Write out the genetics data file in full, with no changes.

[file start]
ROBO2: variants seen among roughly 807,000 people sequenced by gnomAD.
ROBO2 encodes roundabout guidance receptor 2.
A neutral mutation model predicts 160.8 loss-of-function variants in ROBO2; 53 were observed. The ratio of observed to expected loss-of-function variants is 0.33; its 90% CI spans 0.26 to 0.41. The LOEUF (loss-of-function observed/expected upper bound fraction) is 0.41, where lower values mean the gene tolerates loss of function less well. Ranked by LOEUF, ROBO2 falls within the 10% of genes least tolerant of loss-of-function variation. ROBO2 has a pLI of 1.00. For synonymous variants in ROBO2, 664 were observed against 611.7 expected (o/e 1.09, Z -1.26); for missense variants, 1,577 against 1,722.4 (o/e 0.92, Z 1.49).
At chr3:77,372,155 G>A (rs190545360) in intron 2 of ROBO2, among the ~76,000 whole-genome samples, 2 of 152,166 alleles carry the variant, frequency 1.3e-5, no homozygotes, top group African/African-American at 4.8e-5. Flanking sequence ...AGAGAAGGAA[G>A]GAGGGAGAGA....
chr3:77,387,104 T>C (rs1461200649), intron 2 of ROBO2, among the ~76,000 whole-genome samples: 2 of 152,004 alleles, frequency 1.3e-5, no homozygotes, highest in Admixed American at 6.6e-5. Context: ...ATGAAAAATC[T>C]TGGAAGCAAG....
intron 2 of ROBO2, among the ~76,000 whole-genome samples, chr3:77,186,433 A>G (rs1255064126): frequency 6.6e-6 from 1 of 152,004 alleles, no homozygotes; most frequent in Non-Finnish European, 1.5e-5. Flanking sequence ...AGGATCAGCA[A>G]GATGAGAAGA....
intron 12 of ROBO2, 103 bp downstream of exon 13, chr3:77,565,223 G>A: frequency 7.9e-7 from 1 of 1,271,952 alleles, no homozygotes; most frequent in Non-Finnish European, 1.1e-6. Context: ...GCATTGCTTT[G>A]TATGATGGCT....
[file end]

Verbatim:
ROBO2: variants seen among roughly 807,000 people sequenced by gnomAD.
ROBO2 encodes roundabout guidance receptor 2.
A neutral mutation model predicts 160.8 loss-of-function variants in ROBO2; 53 were observed. The ratio of observed to expected loss-of-function variants is 0.33; its 90% CI spans 0.26 to 0.41. The LOEUF (loss-of-function observed/expected upper bound fraction) is 0.41, where lower values mean the gene tolerates loss of function less well. Ranked by LOEUF, ROBO2 falls within the 10% of genes least tolerant of loss-of-function variation. ROBO2 has a pLI of 1.00. For synonymous variants in ROBO2, 664 were observed against 611.7 expected (o/e 1.09, Z -1.26); for missense variants, 1,577 against 1,722.4 (o/e 0.92, Z 1.49).
At chr3:77,372,155 G>A (rs190545360) in intron 2 of ROBO2, among the ~76,000 whole-genome samples, 2 of 152,166 alleles carry the variant, frequency 1.3e-5, no homozygotes, top group African/African-American at 4.8e-5. Flanking sequence ...AGAGAAGGAA[G>A]GAGGGAGAGA....
chr3:77,387,104 T>C (rs1461200649), intron 2 of ROBO2, among the ~76,000 whole-genome samples: 2 of 152,004 alleles, frequency 1.3e-5, no homozygotes, highest in Admixed American at 6.6e-5. Context: ...ATGAAAAATC[T>C]TGGAAGCAAG....
intron 2 of ROBO2, among the ~76,000 whole-genome samples, chr3:77,186,433 A>G (rs1255064126): frequency 6.6e-6 from 1 of 152,004 alleles, no homozygotes; most frequent in Non-Finnish European, 1.5e-5. Flanking sequence ...AGGATCAGCA[A>G]GATGAGAAGA....
intron 12 of ROBO2, 103 bp downstream of exon 13, chr3:77,565,223 G>A: frequency 7.9e-7 from 1 of 1,271,952 alleles, no homozygotes; most frequent in Non-Finnish European, 1.1e-6. Context: ...GCATTGCTTT[G>A]TATGATGGCT....